While consumers may like the convenience that the Internet lends to certain tasks, going online isn’t always the best way to go. As such, a new Canadian study explores the complexities of buying a home—and whether it can be effectively accomplished in cyberspace.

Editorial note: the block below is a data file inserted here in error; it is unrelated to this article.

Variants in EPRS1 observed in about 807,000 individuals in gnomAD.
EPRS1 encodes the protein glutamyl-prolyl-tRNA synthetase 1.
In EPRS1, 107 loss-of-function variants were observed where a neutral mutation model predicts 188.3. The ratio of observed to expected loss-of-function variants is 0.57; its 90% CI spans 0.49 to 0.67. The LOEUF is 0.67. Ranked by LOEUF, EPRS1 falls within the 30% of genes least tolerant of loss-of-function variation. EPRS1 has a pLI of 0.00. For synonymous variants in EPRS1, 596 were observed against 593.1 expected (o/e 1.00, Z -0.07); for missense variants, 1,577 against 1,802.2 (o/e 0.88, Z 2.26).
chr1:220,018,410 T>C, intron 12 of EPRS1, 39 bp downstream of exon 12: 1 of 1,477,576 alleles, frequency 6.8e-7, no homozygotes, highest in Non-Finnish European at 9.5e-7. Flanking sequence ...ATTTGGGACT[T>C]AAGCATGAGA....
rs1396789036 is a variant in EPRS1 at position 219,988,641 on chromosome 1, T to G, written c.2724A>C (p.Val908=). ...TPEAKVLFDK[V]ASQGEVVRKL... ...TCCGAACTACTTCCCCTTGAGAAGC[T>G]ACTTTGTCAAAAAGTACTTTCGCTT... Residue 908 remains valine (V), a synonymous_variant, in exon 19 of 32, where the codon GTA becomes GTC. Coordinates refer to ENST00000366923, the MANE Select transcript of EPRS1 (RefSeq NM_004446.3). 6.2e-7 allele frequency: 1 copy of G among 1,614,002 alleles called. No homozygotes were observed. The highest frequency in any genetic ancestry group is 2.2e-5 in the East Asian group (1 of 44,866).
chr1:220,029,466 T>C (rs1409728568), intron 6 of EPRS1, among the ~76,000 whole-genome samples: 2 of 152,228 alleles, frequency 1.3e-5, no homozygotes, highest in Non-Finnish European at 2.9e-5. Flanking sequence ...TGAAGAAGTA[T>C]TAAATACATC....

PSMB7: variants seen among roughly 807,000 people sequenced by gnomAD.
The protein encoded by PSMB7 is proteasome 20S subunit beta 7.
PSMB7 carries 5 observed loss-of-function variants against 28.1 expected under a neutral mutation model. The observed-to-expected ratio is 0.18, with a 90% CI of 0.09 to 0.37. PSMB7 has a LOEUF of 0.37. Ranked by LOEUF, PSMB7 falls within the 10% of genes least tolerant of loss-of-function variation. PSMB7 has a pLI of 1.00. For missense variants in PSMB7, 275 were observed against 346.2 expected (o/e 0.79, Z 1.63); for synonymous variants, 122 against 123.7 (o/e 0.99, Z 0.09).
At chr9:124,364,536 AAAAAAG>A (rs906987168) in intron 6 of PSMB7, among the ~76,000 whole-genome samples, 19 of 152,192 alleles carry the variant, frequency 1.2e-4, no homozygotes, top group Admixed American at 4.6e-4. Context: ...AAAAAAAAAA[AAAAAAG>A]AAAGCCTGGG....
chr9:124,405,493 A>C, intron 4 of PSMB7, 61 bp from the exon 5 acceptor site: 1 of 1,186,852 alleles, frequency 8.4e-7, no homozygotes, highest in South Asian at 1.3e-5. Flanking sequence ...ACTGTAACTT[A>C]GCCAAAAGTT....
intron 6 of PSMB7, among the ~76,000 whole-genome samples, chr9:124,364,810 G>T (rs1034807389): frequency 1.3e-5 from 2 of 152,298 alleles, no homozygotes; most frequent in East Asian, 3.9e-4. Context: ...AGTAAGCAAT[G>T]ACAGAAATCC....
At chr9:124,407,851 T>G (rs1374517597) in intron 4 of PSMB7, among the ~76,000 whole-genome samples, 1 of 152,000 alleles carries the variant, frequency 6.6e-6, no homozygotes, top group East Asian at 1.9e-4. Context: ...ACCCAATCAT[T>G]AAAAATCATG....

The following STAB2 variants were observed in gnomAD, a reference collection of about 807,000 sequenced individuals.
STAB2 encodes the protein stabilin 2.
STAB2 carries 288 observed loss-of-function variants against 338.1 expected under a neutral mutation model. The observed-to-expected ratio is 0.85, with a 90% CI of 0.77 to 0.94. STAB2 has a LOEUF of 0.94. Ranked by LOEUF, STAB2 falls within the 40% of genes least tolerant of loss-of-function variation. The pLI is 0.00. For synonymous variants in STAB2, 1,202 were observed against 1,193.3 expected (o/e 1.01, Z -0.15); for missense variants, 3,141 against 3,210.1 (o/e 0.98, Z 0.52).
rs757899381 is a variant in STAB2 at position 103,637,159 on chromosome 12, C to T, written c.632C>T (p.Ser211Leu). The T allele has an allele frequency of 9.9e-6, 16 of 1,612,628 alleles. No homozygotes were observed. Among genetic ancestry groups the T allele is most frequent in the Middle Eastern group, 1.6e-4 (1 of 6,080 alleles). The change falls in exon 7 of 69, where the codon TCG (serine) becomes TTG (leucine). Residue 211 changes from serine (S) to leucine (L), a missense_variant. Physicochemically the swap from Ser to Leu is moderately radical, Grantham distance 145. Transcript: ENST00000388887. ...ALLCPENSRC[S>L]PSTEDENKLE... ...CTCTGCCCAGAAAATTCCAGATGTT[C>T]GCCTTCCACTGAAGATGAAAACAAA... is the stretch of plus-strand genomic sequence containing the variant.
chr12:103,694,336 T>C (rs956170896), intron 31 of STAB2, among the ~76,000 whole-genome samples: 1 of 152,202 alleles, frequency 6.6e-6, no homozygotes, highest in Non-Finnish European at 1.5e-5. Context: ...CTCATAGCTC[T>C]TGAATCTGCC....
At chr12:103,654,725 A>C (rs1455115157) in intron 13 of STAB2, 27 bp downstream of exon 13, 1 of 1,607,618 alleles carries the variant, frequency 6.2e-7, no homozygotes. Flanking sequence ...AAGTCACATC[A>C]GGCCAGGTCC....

The effectiveness of online real estate tools are examined in a March 2010 study published in The Canadian Journal of Administrative Sciences, led by Ryerson University professor of marketing Jane Saber and the University of Alberta’s Paul Messinger. The study, entitled “The impact of e-information on residential real estate services: Transaction costs, social embeddedness and market conditions,” surveyed 260 middle class Canadian households and found that, with the surge of online resources available, buyers and sellers will react differently to working with an agent based on whether or not the real estate market is hot. That is, when the market is hot and information can be . . . → Read More: Do-it-Yourself Real Estate: Ryerson University Researchers Explore Buying and Selling Online